Background The Medical Devices Commission of United Hospitals of Ancona (UHA) was asked to authorise a coronary stent made of steel, coated with bioactive titanium nitride (TITAN 2).
Purpose To consider whether Titan 2 is cost-effective compared to Bare Metal Stents (BMSs) and Drug Eluting Stents (DESs eluting paclitaxel, everolimus or sirolimus) in patients requiring Percutaneous Transluminal Coronary Angioplasty (PTCA).
Materials and methods The commission conducted a cost-effectiveness evaluation of the required stent with BMS and paclitaxel, everolimus and sirolimus-eluting stents. The direct healthcare costs were considered as overlapping, assuming that the only difference was the cost of the devices. Efficacy data were retrieved through a systematic review of the literature intended to provide conclusions with respect to relevant outcomes such as Composite Myocardial Infarction, target lesion revascularisation (TLR) and Major Adverse Cardiovascular Events (MACE).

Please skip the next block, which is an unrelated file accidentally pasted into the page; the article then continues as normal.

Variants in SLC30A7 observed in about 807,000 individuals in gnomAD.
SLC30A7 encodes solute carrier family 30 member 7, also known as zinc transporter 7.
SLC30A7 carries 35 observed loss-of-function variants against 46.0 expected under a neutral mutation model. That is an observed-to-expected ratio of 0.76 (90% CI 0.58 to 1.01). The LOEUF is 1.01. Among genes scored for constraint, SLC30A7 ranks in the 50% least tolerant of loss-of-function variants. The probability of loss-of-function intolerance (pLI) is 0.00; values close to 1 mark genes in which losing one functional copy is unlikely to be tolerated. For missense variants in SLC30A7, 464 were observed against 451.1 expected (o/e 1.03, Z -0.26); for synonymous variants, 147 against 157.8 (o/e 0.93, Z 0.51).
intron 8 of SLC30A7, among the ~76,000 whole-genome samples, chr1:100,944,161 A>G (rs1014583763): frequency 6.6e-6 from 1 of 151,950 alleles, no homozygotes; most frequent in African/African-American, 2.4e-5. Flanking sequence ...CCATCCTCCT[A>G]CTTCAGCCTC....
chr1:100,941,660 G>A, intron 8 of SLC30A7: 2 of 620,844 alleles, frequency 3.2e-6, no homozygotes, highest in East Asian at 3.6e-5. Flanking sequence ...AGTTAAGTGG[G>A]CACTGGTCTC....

Results The literature search showed that MACE was less frequent at six months in patients treated with Titan 2 compared to controls treated with BMSs of identical design (7% vs 17%). Based on the initial processed data, Titan 2 did not show a favourable cost-effectiveness ratio (C/E), 914 Euro compared to a BMS C/E of 890 Euro. The commission contacted the medical device distributor and obtained a discount on the price of 2.58%. A favourable C/E for Titan 2 was obtained comparing this stent to paclitaxel-eluting stents for MACE after 2 years of follow-up (11.2% vs 21.8%). This stent has proven cost-effective even with respect to everolimus and sirolimus-eluting stents showing non-inferiority in MACE end point.
Conclusions With the cost-effectiveness analysis conducted comparing with EBM methodology, it has been possible use Titan 2 stents with a discount of 24 Euro compared to the steel stents for patients with allergies to metals and their alloys and they require only a month of dual antiplatelet therapy.
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